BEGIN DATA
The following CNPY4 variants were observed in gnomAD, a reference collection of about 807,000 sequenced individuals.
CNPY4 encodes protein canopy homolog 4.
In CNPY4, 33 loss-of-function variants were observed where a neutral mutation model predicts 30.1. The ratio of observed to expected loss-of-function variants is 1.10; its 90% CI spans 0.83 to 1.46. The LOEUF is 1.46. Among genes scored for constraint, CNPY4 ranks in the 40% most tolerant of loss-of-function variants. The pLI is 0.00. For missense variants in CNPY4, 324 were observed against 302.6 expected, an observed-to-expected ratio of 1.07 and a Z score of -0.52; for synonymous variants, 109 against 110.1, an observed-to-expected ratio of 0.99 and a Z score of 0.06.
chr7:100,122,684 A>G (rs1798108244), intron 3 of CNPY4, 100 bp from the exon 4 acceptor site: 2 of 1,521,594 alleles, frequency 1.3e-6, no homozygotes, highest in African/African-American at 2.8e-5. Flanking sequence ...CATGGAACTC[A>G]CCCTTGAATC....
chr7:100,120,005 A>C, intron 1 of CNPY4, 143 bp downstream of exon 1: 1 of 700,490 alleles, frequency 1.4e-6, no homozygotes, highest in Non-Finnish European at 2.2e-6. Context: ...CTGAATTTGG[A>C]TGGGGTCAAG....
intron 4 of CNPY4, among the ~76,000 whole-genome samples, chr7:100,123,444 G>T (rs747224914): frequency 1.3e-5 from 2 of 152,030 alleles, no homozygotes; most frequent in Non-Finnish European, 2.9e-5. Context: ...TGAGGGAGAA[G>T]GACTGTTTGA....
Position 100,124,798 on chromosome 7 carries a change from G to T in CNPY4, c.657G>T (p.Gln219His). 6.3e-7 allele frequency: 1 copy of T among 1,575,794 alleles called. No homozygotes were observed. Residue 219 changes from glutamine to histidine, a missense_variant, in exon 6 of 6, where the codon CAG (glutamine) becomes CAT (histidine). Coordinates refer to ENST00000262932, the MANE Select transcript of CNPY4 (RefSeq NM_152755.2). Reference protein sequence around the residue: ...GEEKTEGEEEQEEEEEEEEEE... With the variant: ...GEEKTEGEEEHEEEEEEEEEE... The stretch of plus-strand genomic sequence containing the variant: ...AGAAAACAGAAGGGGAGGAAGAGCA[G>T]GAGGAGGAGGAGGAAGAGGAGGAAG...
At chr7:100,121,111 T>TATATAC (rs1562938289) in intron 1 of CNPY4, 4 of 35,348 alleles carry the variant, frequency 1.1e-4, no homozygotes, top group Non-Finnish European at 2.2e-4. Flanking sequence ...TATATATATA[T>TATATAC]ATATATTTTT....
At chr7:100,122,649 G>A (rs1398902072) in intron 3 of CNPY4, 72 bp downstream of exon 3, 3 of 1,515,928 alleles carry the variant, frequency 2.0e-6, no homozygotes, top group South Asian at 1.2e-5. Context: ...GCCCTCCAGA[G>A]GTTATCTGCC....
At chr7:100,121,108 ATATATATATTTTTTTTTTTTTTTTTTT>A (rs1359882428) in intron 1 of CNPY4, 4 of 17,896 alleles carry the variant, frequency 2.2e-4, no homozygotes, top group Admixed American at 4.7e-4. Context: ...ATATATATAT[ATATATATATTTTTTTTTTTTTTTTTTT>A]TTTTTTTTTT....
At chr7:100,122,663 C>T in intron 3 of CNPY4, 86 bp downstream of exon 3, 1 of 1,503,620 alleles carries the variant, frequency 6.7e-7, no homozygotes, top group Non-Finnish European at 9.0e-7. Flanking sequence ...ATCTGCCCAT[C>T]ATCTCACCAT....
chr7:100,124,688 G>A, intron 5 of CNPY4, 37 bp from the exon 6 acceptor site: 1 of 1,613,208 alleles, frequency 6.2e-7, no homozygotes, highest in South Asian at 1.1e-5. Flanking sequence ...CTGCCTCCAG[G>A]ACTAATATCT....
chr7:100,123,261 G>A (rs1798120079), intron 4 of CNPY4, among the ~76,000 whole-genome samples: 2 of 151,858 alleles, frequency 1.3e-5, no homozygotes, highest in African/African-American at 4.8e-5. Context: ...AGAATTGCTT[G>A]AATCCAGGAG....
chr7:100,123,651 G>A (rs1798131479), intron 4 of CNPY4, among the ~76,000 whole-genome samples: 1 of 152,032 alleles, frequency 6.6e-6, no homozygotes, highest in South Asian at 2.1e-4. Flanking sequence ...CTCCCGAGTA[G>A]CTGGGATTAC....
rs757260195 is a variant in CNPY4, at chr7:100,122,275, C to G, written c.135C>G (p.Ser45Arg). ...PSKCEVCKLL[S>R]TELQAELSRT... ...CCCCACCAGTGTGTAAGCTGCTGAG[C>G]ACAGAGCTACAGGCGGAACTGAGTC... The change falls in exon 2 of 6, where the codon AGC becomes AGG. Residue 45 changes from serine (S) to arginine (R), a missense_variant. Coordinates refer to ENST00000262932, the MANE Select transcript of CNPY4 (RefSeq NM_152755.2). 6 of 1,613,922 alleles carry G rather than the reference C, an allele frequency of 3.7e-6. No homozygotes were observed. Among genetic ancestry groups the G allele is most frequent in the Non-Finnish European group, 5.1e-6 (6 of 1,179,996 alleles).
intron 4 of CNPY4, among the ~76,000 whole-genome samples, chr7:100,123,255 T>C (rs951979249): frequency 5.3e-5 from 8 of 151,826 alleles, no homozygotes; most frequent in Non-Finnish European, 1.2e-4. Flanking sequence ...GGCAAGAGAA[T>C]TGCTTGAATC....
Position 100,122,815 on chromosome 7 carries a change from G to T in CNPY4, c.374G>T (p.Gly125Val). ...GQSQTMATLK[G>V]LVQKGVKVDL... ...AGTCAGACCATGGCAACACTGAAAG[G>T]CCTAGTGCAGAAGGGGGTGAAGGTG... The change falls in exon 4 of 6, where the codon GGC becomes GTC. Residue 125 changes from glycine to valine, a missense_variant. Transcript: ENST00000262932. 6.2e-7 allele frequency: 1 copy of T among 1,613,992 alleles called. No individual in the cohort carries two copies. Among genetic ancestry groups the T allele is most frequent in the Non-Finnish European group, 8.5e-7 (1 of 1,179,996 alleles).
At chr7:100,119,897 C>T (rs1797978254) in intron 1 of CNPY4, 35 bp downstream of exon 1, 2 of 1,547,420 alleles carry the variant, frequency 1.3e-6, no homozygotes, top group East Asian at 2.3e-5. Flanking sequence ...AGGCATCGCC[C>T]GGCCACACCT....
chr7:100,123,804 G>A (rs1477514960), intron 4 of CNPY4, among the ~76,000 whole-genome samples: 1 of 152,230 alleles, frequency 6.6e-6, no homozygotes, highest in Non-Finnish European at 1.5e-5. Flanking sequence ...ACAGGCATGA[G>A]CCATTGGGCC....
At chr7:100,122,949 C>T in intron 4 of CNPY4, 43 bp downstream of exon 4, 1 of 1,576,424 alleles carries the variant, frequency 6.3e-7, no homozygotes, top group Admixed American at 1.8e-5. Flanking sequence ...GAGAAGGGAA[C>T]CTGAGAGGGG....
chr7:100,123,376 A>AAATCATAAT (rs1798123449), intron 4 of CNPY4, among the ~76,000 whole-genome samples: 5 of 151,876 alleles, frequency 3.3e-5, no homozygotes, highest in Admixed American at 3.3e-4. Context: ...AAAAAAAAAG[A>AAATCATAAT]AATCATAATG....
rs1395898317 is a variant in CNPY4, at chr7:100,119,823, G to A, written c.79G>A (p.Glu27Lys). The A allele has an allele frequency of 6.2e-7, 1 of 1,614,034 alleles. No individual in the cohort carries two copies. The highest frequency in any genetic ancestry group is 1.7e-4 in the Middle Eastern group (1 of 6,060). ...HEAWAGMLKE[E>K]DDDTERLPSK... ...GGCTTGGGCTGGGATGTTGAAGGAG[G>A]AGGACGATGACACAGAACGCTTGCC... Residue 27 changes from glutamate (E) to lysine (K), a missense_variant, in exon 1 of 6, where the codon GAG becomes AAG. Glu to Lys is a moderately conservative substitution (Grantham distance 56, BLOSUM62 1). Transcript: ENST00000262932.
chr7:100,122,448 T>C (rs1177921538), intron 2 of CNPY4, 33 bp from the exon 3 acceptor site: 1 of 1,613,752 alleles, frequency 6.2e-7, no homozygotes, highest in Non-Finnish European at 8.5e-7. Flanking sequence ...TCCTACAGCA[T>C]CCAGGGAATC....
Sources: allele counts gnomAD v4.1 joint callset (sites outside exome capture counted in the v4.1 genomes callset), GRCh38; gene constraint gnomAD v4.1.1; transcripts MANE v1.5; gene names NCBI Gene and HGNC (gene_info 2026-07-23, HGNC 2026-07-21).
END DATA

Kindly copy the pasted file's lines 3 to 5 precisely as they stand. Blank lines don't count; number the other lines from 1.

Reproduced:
In CNPY4, 33 loss-of-function variants were observed where a neutral mutation model predicts 30.1. The ratio of observed to expected loss-of-function variants is 1.10; its 90% CI spans 0.83 to 1.46. The LOEUF is 1.46. Among genes scored for constraint, CNPY4 ranks in the 40% most tolerant of loss-of-function variants. The pLI is 0.00. For missense variants in CNPY4, 324 were observed against 302.6 expected, an observed-to-expected ratio of 1.07 and a Z score of -0.52; for synonymous variants, 109 against 110.1, an observed-to-expected ratio of 0.99 and a Z score of 0.06.
chr7:100,122,684 A>G (rs1798108244), intron 3 of CNPY4, 100 bp from the exon 4 acceptor site: 2 of 1,521,594 alleles, frequency 1.3e-6, no homozygotes, highest in African/African-American at 2.8e-5. Flanking sequence ...CATGGAACTC[A>G]CCCTTGAATC....
chr7:100,120,005 A>C, intron 1 of CNPY4, 143 bp downstream of exon 1: 1 of 700,490 alleles, frequency 1.4e-6, no homozygotes, highest in Non-Finnish European at 2.2e-6. Context: ...CTGAATTTGG[A>C]TGGGGTCAAG....